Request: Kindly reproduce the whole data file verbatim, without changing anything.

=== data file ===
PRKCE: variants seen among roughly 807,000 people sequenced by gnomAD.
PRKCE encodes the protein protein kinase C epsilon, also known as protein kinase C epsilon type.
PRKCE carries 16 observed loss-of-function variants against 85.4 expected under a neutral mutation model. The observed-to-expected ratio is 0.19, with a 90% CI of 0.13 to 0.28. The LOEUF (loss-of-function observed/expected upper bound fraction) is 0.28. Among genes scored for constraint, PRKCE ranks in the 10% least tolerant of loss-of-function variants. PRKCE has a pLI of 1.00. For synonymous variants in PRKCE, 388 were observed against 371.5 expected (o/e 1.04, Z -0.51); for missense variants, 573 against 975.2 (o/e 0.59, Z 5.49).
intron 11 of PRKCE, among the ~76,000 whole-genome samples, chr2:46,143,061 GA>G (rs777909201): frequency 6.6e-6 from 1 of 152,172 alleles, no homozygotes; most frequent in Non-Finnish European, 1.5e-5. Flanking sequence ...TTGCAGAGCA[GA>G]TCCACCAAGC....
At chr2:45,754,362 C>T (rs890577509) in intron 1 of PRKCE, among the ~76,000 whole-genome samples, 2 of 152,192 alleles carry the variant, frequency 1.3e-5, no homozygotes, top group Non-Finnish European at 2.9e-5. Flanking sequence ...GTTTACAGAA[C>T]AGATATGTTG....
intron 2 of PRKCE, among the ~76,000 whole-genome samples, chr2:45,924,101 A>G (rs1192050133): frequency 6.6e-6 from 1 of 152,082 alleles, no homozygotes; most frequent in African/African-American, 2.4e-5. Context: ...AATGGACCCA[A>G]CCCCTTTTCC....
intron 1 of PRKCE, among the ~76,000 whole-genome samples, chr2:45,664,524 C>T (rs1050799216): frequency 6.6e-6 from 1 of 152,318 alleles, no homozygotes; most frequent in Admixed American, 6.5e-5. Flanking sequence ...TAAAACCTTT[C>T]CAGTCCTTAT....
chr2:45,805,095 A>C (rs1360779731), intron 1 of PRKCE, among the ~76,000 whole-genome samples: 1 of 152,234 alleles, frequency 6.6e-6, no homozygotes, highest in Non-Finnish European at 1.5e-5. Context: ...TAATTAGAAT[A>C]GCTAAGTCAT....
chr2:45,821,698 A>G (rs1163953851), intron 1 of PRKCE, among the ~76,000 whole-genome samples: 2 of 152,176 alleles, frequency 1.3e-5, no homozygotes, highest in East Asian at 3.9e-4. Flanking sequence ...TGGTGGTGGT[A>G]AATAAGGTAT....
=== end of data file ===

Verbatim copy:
PRKCE: variants seen among roughly 807,000 people sequenced by gnomAD.
PRKCE encodes the protein protein kinase C epsilon, also known as protein kinase C epsilon type.
PRKCE carries 16 observed loss-of-function variants against 85.4 expected under a neutral mutation model. The observed-to-expected ratio is 0.19, with a 90% CI of 0.13 to 0.28. The LOEUF (loss-of-function observed/expected upper bound fraction) is 0.28. Among genes scored for constraint, PRKCE ranks in the 10% least tolerant of loss-of-function variants. PRKCE has a pLI of 1.00. For synonymous variants in PRKCE, 388 were observed against 371.5 expected (o/e 1.04, Z -0.51); for missense variants, 573 against 975.2 (o/e 0.59, Z 5.49).
intron 11 of PRKCE, among the ~76,000 whole-genome samples, chr2:46,143,061 GA>G (rs777909201): frequency 6.6e-6 from 1 of 152,172 alleles, no homozygotes; most frequent in Non-Finnish European, 1.5e-5. Flanking sequence ...TTGCAGAGCA[GA>G]TCCACCAAGC....
At chr2:45,754,362 C>T (rs890577509) in intron 1 of PRKCE, among the ~76,000 whole-genome samples, 2 of 152,192 alleles carry the variant, frequency 1.3e-5, no homozygotes, top group Non-Finnish European at 2.9e-5. Flanking sequence ...GTTTACAGAA[C>T]AGATATGTTG....
intron 2 of PRKCE, among the ~76,000 whole-genome samples, chr2:45,924,101 A>G (rs1192050133): frequency 6.6e-6 from 1 of 152,082 alleles, no homozygotes; most frequent in African/African-American, 2.4e-5. Context: ...AATGGACCCA[A>G]CCCCTTTTCC....
intron 1 of PRKCE, among the ~76,000 whole-genome samples, chr2:45,664,524 C>T (rs1050799216): frequency 6.6e-6 from 1 of 152,318 alleles, no homozygotes; most frequent in Admixed American, 6.5e-5. Flanking sequence ...TAAAACCTTT[C>T]CAGTCCTTAT....
chr2:45,805,095 A>C (rs1360779731), intron 1 of PRKCE, among the ~76,000 whole-genome samples: 1 of 152,234 alleles, frequency 6.6e-6, no homozygotes, highest in Non-Finnish European at 1.5e-5. Context: ...TAATTAGAAT[A>C]GCTAAGTCAT....
chr2:45,821,698 A>G (rs1163953851), intron 1 of PRKCE, among the ~76,000 whole-genome samples: 2 of 152,176 alleles, frequency 1.3e-5, no homozygotes, highest in East Asian at 3.9e-4. Flanking sequence ...TGGTGGTGGT[A>G]AATAAGGTAT....